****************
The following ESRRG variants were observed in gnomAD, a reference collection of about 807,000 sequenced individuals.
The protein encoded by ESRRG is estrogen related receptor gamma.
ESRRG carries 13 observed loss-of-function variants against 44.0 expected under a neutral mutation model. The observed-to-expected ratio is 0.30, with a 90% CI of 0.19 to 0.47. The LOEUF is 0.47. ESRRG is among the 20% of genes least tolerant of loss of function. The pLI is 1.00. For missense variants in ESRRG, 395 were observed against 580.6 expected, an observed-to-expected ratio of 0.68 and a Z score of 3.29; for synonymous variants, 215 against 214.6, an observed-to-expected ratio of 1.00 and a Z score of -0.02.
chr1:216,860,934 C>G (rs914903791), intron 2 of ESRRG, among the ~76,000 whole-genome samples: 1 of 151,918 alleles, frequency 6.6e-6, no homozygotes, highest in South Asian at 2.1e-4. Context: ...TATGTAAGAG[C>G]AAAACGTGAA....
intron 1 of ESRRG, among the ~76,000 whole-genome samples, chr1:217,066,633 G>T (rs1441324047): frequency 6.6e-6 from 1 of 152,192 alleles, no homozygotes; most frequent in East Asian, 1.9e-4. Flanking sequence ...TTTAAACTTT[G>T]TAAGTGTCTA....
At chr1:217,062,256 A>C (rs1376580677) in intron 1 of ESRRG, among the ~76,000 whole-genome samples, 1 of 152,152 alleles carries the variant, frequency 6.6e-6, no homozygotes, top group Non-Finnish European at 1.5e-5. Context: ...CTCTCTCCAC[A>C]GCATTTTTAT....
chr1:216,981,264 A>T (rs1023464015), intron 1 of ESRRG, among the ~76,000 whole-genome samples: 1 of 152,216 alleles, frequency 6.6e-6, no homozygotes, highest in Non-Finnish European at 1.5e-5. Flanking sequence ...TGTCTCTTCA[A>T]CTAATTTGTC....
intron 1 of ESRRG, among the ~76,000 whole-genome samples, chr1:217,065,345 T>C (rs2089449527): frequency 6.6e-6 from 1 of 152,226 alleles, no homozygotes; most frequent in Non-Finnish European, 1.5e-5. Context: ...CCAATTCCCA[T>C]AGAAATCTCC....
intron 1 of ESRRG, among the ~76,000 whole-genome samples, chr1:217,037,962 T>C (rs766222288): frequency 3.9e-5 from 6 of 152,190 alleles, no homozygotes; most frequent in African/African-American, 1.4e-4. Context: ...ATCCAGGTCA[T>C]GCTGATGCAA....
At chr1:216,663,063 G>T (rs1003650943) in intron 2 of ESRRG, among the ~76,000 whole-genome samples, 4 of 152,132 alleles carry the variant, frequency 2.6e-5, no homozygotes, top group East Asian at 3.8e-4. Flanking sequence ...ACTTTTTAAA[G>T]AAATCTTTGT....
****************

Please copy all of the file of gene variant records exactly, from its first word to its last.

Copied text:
The following ESRRG variants were observed in gnomAD, a reference collection of about 807,000 sequenced individuals.
The protein encoded by ESRRG is estrogen related receptor gamma.
ESRRG carries 13 observed loss-of-function variants against 44.0 expected under a neutral mutation model. The observed-to-expected ratio is 0.30, with a 90% CI of 0.19 to 0.47. The LOEUF is 0.47. ESRRG is among the 20% of genes least tolerant of loss of function. The pLI is 1.00. For missense variants in ESRRG, 395 were observed against 580.6 expected, an observed-to-expected ratio of 0.68 and a Z score of 3.29; for synonymous variants, 215 against 214.6, an observed-to-expected ratio of 1.00 and a Z score of -0.02.
chr1:216,860,934 C>G (rs914903791), intron 2 of ESRRG, among the ~76,000 whole-genome samples: 1 of 151,918 alleles, frequency 6.6e-6, no homozygotes, highest in South Asian at 2.1e-4. Context: ...TATGTAAGAG[C>G]AAAACGTGAA....
intron 1 of ESRRG, among the ~76,000 whole-genome samples, chr1:217,066,633 G>T (rs1441324047): frequency 6.6e-6 from 1 of 152,192 alleles, no homozygotes; most frequent in East Asian, 1.9e-4. Flanking sequence ...TTTAAACTTT[G>T]TAAGTGTCTA....
At chr1:217,062,256 A>C (rs1376580677) in intron 1 of ESRRG, among the ~76,000 whole-genome samples, 1 of 152,152 alleles carries the variant, frequency 6.6e-6, no homozygotes, top group Non-Finnish European at 1.5e-5. Context: ...CTCTCTCCAC[A>C]GCATTTTTAT....
chr1:216,981,264 A>T (rs1023464015), intron 1 of ESRRG, among the ~76,000 whole-genome samples: 1 of 152,216 alleles, frequency 6.6e-6, no homozygotes, highest in Non-Finnish European at 1.5e-5. Flanking sequence ...TGTCTCTTCA[A>T]CTAATTTGTC....
intron 1 of ESRRG, among the ~76,000 whole-genome samples, chr1:217,065,345 T>C (rs2089449527): frequency 6.6e-6 from 1 of 152,226 alleles, no homozygotes; most frequent in Non-Finnish European, 1.5e-5. Context: ...CCAATTCCCA[T>C]AGAAATCTCC....
intron 1 of ESRRG, among the ~76,000 whole-genome samples, chr1:217,037,962 T>C (rs766222288): frequency 3.9e-5 from 6 of 152,190 alleles, no homozygotes; most frequent in African/African-American, 1.4e-4. Context: ...ATCCAGGTCA[T>C]GCTGATGCAA....
At chr1:216,663,063 G>T (rs1003650943) in intron 2 of ESRRG, among the ~76,000 whole-genome samples, 4 of 152,132 alleles carry the variant, frequency 2.6e-5, no homozygotes, top group East Asian at 3.8e-4. Flanking sequence ...ACTTTTTAAA[G>T]AAATCTTTGT....